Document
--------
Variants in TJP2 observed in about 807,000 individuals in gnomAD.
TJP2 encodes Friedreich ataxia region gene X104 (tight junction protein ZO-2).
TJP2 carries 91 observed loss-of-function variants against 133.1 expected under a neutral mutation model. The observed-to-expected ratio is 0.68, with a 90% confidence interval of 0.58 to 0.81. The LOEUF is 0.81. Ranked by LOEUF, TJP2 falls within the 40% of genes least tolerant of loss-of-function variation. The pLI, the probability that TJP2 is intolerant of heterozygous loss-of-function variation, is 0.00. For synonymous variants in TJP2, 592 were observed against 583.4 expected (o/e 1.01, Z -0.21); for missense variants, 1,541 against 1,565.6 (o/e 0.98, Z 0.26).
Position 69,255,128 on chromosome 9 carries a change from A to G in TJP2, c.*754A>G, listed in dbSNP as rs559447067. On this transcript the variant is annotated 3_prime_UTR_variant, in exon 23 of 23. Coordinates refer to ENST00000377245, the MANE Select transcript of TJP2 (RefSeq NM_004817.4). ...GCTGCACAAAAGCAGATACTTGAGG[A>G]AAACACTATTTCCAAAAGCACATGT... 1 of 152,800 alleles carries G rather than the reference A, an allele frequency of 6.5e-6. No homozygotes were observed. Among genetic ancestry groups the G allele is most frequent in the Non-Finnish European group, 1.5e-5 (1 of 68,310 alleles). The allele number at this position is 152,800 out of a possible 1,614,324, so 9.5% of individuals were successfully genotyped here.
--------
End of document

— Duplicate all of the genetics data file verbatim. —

Variants in TJP2 observed in about 807,000 individuals in gnomAD.
TJP2 encodes Friedreich ataxia region gene X104 (tight junction protein ZO-2).
TJP2 carries 91 observed loss-of-function variants against 133.1 expected under a neutral mutation model. The observed-to-expected ratio is 0.68, with a 90% confidence interval of 0.58 to 0.81. The LOEUF is 0.81. Ranked by LOEUF, TJP2 falls within the 40% of genes least tolerant of loss-of-function variation. The pLI, the probability that TJP2 is intolerant of heterozygous loss-of-function variation, is 0.00. For synonymous variants in TJP2, 592 were observed against 583.4 expected (o/e 1.01, Z -0.21); for missense variants, 1,541 against 1,565.6 (o/e 0.98, Z 0.26).
Position 69,255,128 on chromosome 9 carries a change from A to G in TJP2, c.*754A>G, listed in dbSNP as rs559447067. On this transcript the variant is annotated 3_prime_UTR_variant, in exon 23 of 23. Coordinates refer to ENST00000377245, the MANE Select transcript of TJP2 (RefSeq NM_004817.4). ...GCTGCACAAAAGCAGATACTTGAGG[A>G]AAACACTATTTCCAAAAGCACATGT... 1 of 152,800 alleles carries G rather than the reference A, an allele frequency of 6.5e-6. No homozygotes were observed. Among genetic ancestry groups the G allele is most frequent in the Non-Finnish European group, 1.5e-5 (1 of 68,310 alleles). The allele number at this position is 152,800 out of a possible 1,614,324, so 9.5% of individuals were successfully genotyped here.